The thirst for gold has long been a force of evil in cinema, and the latest action piece from stuntman turned director Jesse V Johnson falls under its glittering spell, interweaving vicious greed with the wreckages of war. Set during the second world war, Hell Hath No Fury revolves around a coveted sack of stolen Nazi gold, its location known only to SS general Von Bruckner (Daniel Bernhardt) and his French lover Marie (Nina Bergman).
As the war rapidly marches towards its conclusion, the once radiant Marie is punished by her compatriots for consorting with the enemy. With her hair chopped off and a swastika marked on her forehead in red lipstick, Marie cuts a Joan of Arc-like figure; it will soon be revealed that her relationship with Von Bruckner is not what it seems. Rescued from her ordeal by a ragtag group of American soldiers, Marie finds the price of freedom dangling by a thread, as she is ordered to lead her saviours to the buried treasure.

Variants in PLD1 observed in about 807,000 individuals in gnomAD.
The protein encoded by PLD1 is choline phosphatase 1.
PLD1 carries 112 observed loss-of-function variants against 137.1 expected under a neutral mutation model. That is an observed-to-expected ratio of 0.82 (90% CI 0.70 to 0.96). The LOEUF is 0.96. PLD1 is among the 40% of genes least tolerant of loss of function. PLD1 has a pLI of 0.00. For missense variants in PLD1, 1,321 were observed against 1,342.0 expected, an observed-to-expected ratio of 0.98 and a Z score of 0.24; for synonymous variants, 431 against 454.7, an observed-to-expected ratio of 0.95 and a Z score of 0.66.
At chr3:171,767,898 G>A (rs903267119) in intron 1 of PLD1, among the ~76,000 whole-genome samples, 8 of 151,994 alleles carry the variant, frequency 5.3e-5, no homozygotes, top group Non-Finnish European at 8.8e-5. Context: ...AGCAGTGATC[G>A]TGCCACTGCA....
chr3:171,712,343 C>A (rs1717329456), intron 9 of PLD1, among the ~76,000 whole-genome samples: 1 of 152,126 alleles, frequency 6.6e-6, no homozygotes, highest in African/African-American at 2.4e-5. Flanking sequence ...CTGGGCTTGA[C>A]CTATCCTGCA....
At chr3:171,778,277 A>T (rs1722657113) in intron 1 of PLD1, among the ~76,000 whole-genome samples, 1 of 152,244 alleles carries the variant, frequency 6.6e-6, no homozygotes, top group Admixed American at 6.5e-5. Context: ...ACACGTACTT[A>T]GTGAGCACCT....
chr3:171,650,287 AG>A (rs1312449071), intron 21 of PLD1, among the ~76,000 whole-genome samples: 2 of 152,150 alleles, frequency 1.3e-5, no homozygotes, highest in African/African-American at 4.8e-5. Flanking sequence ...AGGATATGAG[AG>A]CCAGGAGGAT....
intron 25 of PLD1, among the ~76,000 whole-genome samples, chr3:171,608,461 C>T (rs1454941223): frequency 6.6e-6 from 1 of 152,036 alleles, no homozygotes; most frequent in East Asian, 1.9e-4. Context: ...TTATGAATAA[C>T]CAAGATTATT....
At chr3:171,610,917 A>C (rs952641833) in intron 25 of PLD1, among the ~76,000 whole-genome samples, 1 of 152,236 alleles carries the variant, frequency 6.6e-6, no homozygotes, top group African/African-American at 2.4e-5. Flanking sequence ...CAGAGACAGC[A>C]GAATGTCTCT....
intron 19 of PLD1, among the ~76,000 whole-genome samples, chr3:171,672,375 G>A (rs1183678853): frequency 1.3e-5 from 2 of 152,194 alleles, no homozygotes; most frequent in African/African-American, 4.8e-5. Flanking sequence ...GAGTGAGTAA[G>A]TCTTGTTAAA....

By ingeniously setting much of the ensuing violence in Marie’s family cemetery, the film lends an earthy grittiness to its small-scale spectacle. Here, the air smells of death, as bullets whiz over graves while blood and dirt fuse into one grimy whole. Johnson’s skill for visual rhythm falters somewhat during the larger set pieces, but Bergman’s fierce, commanding presence proves to be the emotional anchor that elevates the grindhouse flavour to a bleak parable on the destructive power of greed. The decision to portray American soldiers not as heroes but rather as fallible, predatory beings is also an interesting subversion that suggests, when one is faced with the basest of desires, righteous ideology carries little weight.
• Hell Hath No Fury is available on digital platforms on 16 May.